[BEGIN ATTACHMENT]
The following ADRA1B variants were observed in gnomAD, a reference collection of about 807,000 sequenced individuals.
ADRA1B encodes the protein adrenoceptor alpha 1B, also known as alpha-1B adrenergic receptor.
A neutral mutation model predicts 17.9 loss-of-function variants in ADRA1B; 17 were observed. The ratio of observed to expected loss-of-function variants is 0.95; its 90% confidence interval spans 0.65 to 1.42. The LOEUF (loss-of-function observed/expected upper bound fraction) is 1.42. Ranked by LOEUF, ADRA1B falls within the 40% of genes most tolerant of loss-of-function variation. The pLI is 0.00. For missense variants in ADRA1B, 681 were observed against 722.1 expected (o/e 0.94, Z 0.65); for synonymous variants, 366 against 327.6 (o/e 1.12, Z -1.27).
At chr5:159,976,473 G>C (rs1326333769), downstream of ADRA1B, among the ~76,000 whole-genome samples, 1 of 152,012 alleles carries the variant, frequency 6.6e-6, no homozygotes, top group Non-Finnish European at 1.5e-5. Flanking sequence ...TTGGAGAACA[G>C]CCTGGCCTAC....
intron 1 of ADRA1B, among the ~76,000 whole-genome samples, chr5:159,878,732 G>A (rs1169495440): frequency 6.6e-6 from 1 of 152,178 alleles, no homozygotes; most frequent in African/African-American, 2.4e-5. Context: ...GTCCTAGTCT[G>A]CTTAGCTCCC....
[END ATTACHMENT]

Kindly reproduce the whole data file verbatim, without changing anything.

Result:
The following ADRA1B variants were observed in gnomAD, a reference collection of about 807,000 sequenced individuals.
ADRA1B encodes the protein adrenoceptor alpha 1B, also known as alpha-1B adrenergic receptor.
A neutral mutation model predicts 17.9 loss-of-function variants in ADRA1B; 17 were observed. The ratio of observed to expected loss-of-function variants is 0.95; its 90% confidence interval spans 0.65 to 1.42. The LOEUF (loss-of-function observed/expected upper bound fraction) is 1.42. Ranked by LOEUF, ADRA1B falls within the 40% of genes most tolerant of loss-of-function variation. The pLI is 0.00. For missense variants in ADRA1B, 681 were observed against 722.1 expected (o/e 0.94, Z 0.65); for synonymous variants, 366 against 327.6 (o/e 1.12, Z -1.27).
At chr5:159,976,473 G>C (rs1326333769), downstream of ADRA1B, among the ~76,000 whole-genome samples, 1 of 152,012 alleles carries the variant, frequency 6.6e-6, no homozygotes, top group Non-Finnish European at 1.5e-5. Flanking sequence ...TTGGAGAACA[G>C]CCTGGCCTAC....
intron 1 of ADRA1B, among the ~76,000 whole-genome samples, chr5:159,878,732 G>A (rs1169495440): frequency 6.6e-6 from 1 of 152,178 alleles, no homozygotes; most frequent in African/African-American, 2.4e-5. Context: ...GTCCTAGTCT[G>A]CTTAGCTCCC....